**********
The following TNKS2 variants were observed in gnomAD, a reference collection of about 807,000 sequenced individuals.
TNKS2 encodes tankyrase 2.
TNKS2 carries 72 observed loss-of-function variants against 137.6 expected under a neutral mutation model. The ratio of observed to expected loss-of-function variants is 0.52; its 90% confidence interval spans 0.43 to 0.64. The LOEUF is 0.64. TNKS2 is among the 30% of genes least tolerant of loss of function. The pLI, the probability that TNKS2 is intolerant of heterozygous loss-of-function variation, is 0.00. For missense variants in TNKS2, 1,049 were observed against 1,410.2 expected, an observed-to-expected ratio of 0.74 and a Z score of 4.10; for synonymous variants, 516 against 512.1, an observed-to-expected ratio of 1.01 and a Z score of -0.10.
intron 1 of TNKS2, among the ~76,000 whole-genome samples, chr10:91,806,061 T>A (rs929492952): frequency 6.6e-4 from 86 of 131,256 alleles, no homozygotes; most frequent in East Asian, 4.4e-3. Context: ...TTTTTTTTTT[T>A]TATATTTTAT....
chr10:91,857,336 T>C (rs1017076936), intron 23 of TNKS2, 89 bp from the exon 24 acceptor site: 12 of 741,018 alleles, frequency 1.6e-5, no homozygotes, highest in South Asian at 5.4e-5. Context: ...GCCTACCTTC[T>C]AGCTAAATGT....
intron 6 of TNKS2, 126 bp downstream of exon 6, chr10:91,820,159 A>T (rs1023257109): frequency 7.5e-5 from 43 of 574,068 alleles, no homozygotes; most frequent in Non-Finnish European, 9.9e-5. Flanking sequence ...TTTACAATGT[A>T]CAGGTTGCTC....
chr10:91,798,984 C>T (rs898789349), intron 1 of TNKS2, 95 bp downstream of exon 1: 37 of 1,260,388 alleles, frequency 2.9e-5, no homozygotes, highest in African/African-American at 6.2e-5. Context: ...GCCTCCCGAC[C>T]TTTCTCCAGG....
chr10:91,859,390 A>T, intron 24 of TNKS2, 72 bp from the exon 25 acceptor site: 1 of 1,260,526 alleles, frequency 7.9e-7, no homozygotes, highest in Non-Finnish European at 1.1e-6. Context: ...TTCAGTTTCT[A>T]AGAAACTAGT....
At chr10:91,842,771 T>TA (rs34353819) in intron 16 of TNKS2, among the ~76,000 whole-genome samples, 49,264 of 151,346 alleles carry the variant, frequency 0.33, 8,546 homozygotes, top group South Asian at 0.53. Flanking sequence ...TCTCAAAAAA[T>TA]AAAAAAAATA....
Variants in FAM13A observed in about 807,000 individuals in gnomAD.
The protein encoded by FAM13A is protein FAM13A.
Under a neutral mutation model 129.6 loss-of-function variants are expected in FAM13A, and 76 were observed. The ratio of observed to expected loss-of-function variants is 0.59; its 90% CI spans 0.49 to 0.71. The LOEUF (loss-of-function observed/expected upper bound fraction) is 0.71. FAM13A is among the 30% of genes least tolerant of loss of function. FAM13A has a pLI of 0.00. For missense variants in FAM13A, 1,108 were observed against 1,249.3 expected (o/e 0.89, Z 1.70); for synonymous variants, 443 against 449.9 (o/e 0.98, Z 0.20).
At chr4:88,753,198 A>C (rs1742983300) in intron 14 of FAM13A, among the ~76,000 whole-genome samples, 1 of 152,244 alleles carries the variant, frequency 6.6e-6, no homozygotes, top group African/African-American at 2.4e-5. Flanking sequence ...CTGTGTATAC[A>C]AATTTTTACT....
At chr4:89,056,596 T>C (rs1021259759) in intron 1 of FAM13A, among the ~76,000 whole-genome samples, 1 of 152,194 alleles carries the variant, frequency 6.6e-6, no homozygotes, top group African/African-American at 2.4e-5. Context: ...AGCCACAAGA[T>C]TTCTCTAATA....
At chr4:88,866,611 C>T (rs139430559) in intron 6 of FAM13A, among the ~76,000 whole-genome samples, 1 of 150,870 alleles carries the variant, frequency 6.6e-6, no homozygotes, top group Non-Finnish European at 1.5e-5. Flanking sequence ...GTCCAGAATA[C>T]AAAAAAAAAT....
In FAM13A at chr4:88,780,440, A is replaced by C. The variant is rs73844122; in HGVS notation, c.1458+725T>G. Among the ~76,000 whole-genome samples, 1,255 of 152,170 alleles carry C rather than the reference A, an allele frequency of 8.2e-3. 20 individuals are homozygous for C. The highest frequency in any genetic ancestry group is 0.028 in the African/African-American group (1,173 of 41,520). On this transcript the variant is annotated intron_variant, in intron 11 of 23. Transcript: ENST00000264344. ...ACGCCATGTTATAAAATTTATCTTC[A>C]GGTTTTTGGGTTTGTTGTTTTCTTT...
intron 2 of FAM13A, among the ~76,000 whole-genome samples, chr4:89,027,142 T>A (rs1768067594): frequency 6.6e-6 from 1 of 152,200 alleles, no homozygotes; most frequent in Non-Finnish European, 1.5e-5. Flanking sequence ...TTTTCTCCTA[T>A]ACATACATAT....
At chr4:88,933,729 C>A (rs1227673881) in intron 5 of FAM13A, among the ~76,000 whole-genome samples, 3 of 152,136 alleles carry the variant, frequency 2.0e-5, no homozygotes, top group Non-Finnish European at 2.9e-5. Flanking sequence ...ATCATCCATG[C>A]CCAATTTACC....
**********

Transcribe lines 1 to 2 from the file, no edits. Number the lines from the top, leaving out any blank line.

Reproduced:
The following TNKS2 variants were observed in gnomAD, a reference collection of about 807,000 sequenced individuals.
TNKS2 encodes tankyrase 2.